Blogging helped me understand my motivation patterns- Oct 28, 2012
After nine months of being super sincere about blogging daily, in October I seem to have lost the discipline and enthusiasm to to do it every single day. Strangely, I am not even remotely guilty about it. I make no excuses and I think it’s human to experience fatigue and loss of interest in stuff even if you are passionate about it.
No one has chided me but several friends and my mum have noticed when posts go missing. And I do feel that little twinge of regret for ruining a well established routine.
When I think over the past few weeks, I feel like time passed really fast. I felt too exhausted to write some days and I was simply not making sense on others even when I tried. My thoughts are muddled, I am trying to do too many things.
But I have been intensely happy. After many months of questioning and analysing everything in my life, I feel at peace. I know this peace is tenuous, temporary. I am too restless, too critical, too hard on myself to let it linger. But I am determined to enjoy it while it lasts.
That makes me contemplate the link between dissatisfaction and art. I seem to be at my creative best when my mind is in a questioning, curious, doubting, disturbed mode. With clarity, I lose the motivation to express myself. I need to work on that. If I can stretch my energies to push in even after the period of peace and clarity set in, I will be able to deliver quality in my work, my music, my dance, my research and writing.
I know I fall short by just that little bit, in my own estimation. And through the exercise if blogging daily, I have been able to map the patterns of motivation better than before. It’s now no longer an ill defined problem, but more a specific goal that looks far more achievable.
Of talent and ‘junoon’: Nostalgic about the Piyush Mishra days!- July 2, 2012
Some days leave me amazed at the sheer number of immensely talented people I know, who have struggled and worked relentlessly to
doing what they love. Piyush Mishra is a classic example. Back when we were in SPA, Piyush was a large presence in our lives. Us, the theater walas, were members of a group called Spandan, the naatak company of our college, SPA. And certainly, for us, Spandan was the heartbeat (that’s what spandan means) of our student life.
Piyush, a product of the National School of Drama, and a hardcore Mandi house product (anyone who has hung around that place would know what I mean) had a special connection with SPA. His wife Priya was our senior. And so, we had the privilege of him directing some of our productions and composing music for others.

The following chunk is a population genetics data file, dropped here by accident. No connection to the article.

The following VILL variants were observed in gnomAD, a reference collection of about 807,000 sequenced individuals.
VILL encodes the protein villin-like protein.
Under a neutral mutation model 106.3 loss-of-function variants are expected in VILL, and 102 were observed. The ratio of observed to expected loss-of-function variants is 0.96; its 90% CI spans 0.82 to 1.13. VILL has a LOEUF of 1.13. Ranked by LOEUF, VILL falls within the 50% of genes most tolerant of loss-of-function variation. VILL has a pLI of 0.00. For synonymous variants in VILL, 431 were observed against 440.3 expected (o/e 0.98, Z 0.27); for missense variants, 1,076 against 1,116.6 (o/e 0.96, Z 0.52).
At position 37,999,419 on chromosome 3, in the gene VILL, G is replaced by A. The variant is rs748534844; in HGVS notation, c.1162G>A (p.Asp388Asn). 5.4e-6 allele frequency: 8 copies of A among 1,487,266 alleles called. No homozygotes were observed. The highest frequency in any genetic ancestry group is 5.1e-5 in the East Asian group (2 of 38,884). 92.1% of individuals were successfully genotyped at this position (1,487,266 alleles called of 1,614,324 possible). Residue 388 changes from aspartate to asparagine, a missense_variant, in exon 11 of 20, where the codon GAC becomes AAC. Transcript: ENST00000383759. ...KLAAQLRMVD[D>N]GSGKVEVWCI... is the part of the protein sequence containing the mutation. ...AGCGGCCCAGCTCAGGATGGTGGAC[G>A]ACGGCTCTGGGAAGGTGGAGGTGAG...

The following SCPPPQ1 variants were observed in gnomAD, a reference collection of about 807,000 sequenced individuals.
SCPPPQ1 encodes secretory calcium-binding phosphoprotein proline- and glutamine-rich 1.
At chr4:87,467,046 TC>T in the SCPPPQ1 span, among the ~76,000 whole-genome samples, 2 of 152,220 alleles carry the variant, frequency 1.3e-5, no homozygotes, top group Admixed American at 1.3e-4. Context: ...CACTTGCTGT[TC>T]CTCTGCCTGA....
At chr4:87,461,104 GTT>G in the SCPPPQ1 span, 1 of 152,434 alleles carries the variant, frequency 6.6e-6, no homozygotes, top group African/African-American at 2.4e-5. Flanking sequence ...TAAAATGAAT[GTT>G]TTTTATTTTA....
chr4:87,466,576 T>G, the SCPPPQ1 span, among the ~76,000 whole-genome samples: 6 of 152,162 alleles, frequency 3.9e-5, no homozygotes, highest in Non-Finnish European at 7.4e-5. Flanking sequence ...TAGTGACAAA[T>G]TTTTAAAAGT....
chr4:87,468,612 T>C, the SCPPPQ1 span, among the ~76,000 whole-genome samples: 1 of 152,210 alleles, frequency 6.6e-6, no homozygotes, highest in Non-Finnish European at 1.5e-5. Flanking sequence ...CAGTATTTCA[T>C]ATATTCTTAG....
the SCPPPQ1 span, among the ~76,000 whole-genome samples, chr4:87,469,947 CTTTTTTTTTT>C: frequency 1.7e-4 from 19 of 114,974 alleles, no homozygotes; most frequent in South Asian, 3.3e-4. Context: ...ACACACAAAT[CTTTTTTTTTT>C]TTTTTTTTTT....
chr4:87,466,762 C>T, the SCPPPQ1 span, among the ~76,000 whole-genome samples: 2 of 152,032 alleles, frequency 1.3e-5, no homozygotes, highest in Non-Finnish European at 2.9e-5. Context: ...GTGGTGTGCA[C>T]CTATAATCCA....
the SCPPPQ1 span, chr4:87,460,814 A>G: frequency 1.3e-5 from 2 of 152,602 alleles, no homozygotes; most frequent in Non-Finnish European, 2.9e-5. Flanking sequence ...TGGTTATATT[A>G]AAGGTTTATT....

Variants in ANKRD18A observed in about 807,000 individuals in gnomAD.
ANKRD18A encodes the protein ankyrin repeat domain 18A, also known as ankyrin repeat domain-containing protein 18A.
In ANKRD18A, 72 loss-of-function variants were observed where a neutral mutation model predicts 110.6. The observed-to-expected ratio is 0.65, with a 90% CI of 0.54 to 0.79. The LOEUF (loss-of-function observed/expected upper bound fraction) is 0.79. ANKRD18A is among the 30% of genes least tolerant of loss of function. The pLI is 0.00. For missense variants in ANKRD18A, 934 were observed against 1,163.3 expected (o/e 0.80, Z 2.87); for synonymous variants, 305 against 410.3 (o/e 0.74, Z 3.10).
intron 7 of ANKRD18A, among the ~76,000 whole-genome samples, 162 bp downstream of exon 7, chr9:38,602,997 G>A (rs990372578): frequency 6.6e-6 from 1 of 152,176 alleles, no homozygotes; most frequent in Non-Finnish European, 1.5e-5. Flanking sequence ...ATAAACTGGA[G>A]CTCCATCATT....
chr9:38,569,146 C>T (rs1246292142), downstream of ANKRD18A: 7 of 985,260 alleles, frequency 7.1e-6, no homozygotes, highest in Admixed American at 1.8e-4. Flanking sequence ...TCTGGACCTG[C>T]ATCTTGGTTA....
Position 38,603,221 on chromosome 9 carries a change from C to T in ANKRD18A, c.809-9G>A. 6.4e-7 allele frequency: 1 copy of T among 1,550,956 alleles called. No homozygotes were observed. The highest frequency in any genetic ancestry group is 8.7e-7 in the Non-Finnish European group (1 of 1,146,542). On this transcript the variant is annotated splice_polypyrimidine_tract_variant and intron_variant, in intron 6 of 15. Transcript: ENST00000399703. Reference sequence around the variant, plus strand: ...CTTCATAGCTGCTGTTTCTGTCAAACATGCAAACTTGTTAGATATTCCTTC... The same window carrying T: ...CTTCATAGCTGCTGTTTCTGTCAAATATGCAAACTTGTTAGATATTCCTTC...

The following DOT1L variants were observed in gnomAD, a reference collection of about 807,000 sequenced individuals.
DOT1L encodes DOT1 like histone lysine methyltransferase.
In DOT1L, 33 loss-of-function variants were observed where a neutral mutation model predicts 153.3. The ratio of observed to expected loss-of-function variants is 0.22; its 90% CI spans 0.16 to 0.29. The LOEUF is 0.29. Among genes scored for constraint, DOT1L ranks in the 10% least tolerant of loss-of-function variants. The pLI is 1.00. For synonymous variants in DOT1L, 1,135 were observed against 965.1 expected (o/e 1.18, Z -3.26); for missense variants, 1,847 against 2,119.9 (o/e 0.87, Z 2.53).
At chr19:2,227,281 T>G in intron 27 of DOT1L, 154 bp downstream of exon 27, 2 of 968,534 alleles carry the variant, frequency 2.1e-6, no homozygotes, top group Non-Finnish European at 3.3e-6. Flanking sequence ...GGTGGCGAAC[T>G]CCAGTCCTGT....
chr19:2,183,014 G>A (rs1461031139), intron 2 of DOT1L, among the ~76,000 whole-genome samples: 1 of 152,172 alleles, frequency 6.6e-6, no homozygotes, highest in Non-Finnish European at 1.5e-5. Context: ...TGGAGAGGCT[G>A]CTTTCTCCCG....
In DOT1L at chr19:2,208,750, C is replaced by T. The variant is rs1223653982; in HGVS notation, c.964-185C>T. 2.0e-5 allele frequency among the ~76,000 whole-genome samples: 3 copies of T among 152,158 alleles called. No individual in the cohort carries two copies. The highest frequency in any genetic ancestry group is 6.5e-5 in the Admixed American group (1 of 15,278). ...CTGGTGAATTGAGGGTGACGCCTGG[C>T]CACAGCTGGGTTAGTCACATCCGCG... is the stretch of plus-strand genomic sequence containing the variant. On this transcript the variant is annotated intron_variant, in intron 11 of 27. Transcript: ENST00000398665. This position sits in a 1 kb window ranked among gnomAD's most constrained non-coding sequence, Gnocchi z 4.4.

I never acted in any of the productions he directed, but I was a part of the initial build up, the script reading sessions, the improvization sessions and so on and so forth. The manic activity back stage and the riotous joy after the performances can still send most of us on a high. Piyush was a hard taskmaster. A buddy we were all a little scared of. Someone unafraid to speak his mind, capable of immense affection and immense rage, all in the span of a few minutes.
I did, however, act in a production titled “Accidental Death of an Anarchist”. A Dario Fo script, we were directed by Arvind Gaur, who is now a well-established personality in the theater world. Many members of his group Asmita, performed with us, lending their presence to the songs and crowd scenes in the play- some of them Manu Rishi, Deepak Dobriyal are making their place in the meaningful side of the Hindi film industry now.
Notably though, Piyush wrote lyrics and composed music for this intensely political script. I distinctly remember the day of the performance at the Air Force Auditorium at Subroto Park (we were being paid to perform, it was beyond our imagination at that time!). Piyush was making us rehearse the songs and we were all tired and nervous. A few things weren’t coming together as we wanted and there was tension in the air. In the middle of the rehearsal, Piyush screamed at me. “Tum to gaayak ho Mukta, tum besura kyon gaa rahi ho!” – You are a singer, why are you singing off tune. The disappointment and anger directed towards me shook me to my core. I didn’t dare cry or react…the only choice ahead was to improve.
I see that kind of single minded focus, especially towards his lyrics and music in Piyush’s work today. I enjoyed his lyrics in Aaja Nachle, but his work in Anurag Kashyap’s Gulaal (acting, lyrics, music) really seemed like an extension of that passionate man I saw in action back in college. And now, this piece from Gangs of Wasseypur haunts me, taunts me to go back to my music again.